Transferring files isn’t a very entertaining process, but it’s necessary, and the more images one makes, the more advantageous rapid file transfer becomes. You’ve got to get those new captures onto your main system and backup devices somehow. For a long time USB 2.0 has been a fairly universal connection protocol between computers and cameras, card readers, and external hard drives, though some Mac users opted for FireWire 800 card readers which bumped the throughput somewhat but wasn’t exactly nirvana. Now we have two new standards, USB 3.0 and Thunderbolt, both promising to speed the transfer process significantly.
USB 3.0 has been on the scene for a while, though it’s been slow to be integrated into new computers. Part of the reason is that Intel (in partnership with Apple) had been working on a competitive protocol called Light Peak for some time which would theoretically leapfrog USB 3.0 in capability. Therefore, both Intel and Apple resisted integrating USB 3.0 in their products in favor of developing a proprietary feature (at least in the short term) from which they could leverage profits (that’s the way business works, right?). Accordingly, it took a while for USB 3.0 to gain much traction. Then, not unexpectedly, Apple punched a hole in the dike by releasing their 2011 MacBook Pro laptops with a new connector called Thunderbolt (rebadged Light Peak using copper instead of fiber).
While there are many other subtle twists to this intrigue, including the fact that when Thunderbolt was announced with great fanfare the trademark was said to be owned by Intel; now it appears that Apple owns the trademark instead. Hmmmm. At any rate, as of now there are few if any peripherals to hook up to your Thunderbolt port (if you have one), while USB 3.0 devices are becoming widespread. The latest to appear is a card reader from Lexar which has slots for both CF and SD card formats (including SDHS, SDXC, and SD UHS-I), and is optimized to accelerate UDMA enabled cards as well. Maximum transfer rate is said to be up to 500MB/s—how much faster that may be than the speeds you’re experiencing now depends on your setup, but chances are it would make you current process seem very slow.
So, if you like the sound of this additional download speed, how do you make it happen? Not so easily perhaps. For one thing, only a tiny fraction of new computers (desktop or laptop) offer built-in USB 3.0 connectors, and certainly nothing form Apple at this point. For a Windows desktop there are any number of PCIe cards you can pop into an open motherboard slot (for those who’ve never had the cover off your computer, it’s not really rocket science), though you do have to also connect to the power supply in order for self-powered external drives to get juice through the connector. There are also ExpressCard adapters for the few laptops that have an ExpressCard slot (either 34mm or 54mm) built-in, but you’ll have to address the power issue. For Macs, both LaCie and CalDigit have USB 3.0 adapters, though there are some caveats to making them work well (see a very technical but thorough rundown here). A few cutting edge Windows laptops are starting to show up with built-in USB 3.0, but it’s going to take a while longer for this technology to be widely adopted. In the meantime, you could pop a PCIe card into your desktop machine and reap at least some of the benefits of faster transfer with the new Lexar card reader and just use it with your laptop as a USB 2.0 device since it’s backward compatible.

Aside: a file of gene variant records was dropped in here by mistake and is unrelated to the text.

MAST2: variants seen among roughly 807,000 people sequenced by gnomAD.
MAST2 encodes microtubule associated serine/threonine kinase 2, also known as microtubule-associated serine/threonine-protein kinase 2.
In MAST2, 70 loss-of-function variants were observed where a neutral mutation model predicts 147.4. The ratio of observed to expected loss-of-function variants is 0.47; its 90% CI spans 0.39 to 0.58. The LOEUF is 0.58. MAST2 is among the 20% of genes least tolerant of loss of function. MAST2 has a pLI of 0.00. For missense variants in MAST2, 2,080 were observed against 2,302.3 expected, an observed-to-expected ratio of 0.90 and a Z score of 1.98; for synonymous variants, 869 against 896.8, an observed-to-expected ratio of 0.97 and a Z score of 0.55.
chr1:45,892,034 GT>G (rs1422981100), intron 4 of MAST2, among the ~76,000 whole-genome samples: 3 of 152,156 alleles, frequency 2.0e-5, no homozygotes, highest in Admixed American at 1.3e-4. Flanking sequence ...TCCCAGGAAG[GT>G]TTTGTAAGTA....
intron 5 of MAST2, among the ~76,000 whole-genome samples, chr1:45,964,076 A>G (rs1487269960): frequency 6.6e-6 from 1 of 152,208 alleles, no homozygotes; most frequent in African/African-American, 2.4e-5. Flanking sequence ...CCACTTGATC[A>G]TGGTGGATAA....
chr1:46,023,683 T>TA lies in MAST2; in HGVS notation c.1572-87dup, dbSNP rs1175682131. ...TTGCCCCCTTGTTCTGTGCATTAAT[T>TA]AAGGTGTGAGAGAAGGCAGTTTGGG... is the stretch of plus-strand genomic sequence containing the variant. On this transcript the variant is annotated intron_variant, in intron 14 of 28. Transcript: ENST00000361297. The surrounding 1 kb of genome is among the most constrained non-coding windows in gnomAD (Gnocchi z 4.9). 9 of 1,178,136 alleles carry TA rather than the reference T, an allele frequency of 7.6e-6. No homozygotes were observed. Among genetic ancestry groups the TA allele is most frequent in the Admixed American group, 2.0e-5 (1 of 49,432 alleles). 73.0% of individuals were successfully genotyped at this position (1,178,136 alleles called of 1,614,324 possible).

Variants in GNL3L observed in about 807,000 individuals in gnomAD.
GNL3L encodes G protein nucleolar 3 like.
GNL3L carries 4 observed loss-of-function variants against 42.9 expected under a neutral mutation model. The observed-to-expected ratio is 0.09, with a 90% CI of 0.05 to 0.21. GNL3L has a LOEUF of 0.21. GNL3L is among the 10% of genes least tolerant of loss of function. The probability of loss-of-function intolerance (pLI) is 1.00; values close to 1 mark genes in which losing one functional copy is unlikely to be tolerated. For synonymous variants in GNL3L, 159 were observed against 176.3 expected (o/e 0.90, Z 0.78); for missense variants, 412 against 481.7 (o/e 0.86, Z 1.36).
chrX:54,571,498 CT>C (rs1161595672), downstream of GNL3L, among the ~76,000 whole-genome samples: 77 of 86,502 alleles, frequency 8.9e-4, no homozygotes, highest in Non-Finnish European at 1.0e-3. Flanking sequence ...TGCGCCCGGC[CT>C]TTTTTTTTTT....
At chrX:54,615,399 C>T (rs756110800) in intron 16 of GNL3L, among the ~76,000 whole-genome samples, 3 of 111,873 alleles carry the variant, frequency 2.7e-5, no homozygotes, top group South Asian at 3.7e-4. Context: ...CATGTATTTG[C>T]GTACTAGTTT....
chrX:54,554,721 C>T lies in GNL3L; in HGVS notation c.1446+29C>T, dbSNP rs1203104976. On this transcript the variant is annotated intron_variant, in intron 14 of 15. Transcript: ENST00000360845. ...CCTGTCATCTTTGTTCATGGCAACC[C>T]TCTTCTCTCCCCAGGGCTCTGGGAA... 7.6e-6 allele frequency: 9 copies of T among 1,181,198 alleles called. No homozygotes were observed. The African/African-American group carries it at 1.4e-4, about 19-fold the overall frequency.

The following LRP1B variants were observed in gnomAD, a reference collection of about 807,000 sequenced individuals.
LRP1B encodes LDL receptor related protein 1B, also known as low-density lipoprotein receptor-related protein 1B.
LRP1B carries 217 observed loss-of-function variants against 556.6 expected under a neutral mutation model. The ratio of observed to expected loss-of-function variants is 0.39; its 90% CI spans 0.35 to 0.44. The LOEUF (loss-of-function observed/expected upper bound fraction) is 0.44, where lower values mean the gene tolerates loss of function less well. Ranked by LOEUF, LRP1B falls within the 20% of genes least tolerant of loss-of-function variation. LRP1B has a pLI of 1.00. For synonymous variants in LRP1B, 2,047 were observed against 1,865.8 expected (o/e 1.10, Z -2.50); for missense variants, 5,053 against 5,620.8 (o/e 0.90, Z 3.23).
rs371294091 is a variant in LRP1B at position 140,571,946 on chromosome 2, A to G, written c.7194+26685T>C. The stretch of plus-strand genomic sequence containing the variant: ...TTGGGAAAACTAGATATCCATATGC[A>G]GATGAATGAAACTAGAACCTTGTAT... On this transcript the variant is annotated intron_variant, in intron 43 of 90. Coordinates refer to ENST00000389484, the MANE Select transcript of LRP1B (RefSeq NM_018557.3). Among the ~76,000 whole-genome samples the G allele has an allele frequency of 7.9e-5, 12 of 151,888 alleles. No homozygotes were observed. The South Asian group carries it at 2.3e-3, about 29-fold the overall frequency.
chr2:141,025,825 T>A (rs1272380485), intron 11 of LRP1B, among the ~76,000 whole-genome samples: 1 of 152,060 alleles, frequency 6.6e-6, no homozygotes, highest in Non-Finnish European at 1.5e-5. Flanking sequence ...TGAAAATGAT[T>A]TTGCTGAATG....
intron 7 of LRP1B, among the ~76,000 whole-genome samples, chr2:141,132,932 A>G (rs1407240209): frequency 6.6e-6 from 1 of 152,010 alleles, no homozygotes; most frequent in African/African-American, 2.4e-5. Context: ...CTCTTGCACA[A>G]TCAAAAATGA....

All in all we’re in a bit of a transition stage. Within the next year we’ll see new processors, new chipsets, and a coalescing of these disparate methods and protocols that hopefully will benefit us all. Just in case you thought technology was slowing down and that Moore’s Law was in jeopardy, did you notice the announcement of Intel 3D Tri-Gate transistors? Sometimes technologies magically converge to provide a real leap forward instead of just a step. Maybe this is one of those events. Time will tell.